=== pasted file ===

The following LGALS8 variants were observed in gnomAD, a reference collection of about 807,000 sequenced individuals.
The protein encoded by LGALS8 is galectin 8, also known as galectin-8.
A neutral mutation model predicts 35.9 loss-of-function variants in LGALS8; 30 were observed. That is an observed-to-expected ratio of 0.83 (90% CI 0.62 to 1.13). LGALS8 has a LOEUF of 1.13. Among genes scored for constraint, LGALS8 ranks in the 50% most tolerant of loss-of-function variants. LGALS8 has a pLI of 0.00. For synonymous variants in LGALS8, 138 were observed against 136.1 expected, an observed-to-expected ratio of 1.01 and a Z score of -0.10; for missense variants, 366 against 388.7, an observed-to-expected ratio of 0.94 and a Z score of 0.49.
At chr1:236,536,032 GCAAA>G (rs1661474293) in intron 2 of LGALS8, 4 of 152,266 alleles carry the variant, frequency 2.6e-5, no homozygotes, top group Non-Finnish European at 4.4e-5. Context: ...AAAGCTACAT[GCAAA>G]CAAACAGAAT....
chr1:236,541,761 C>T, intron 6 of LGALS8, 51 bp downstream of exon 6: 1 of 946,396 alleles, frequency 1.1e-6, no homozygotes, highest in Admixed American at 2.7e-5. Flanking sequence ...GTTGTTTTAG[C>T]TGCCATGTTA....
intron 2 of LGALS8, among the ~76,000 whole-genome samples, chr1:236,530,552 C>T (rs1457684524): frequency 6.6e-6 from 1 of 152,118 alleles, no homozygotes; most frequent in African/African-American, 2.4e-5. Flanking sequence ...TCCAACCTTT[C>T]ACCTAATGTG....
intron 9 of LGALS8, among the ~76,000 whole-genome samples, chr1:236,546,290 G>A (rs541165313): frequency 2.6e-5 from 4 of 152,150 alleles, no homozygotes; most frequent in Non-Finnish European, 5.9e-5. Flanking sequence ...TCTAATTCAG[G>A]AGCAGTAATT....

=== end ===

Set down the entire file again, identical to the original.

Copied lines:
The following LGALS8 variants were observed in gnomAD, a reference collection of about 807,000 sequenced individuals.
The protein encoded by LGALS8 is galectin 8, also known as galectin-8.
A neutral mutation model predicts 35.9 loss-of-function variants in LGALS8; 30 were observed. That is an observed-to-expected ratio of 0.83 (90% CI 0.62 to 1.13). LGALS8 has a LOEUF of 1.13. Among genes scored for constraint, LGALS8 ranks in the 50% most tolerant of loss-of-function variants. LGALS8 has a pLI of 0.00. For synonymous variants in LGALS8, 138 were observed against 136.1 expected, an observed-to-expected ratio of 1.01 and a Z score of -0.10; for missense variants, 366 against 388.7, an observed-to-expected ratio of 0.94 and a Z score of 0.49.
At chr1:236,536,032 GCAAA>G (rs1661474293) in intron 2 of LGALS8, 4 of 152,266 alleles carry the variant, frequency 2.6e-5, no homozygotes, top group Non-Finnish European at 4.4e-5. Context: ...AAAGCTACAT[GCAAA>G]CAAACAGAAT....
chr1:236,541,761 C>T, intron 6 of LGALS8, 51 bp downstream of exon 6: 1 of 946,396 alleles, frequency 1.1e-6, no homozygotes, highest in Admixed American at 2.7e-5. Flanking sequence ...GTTGTTTTAG[C>T]TGCCATGTTA....
intron 2 of LGALS8, among the ~76,000 whole-genome samples, chr1:236,530,552 C>T (rs1457684524): frequency 6.6e-6 from 1 of 152,118 alleles, no homozygotes; most frequent in African/African-American, 2.4e-5. Flanking sequence ...TCCAACCTTT[C>T]ACCTAATGTG....
intron 9 of LGALS8, among the ~76,000 whole-genome samples, chr1:236,546,290 G>A (rs541165313): frequency 2.6e-5 from 4 of 152,150 alleles, no homozygotes; most frequent in Non-Finnish European, 5.9e-5. Flanking sequence ...TCTAATTCAG[G>A]AGCAGTAATT....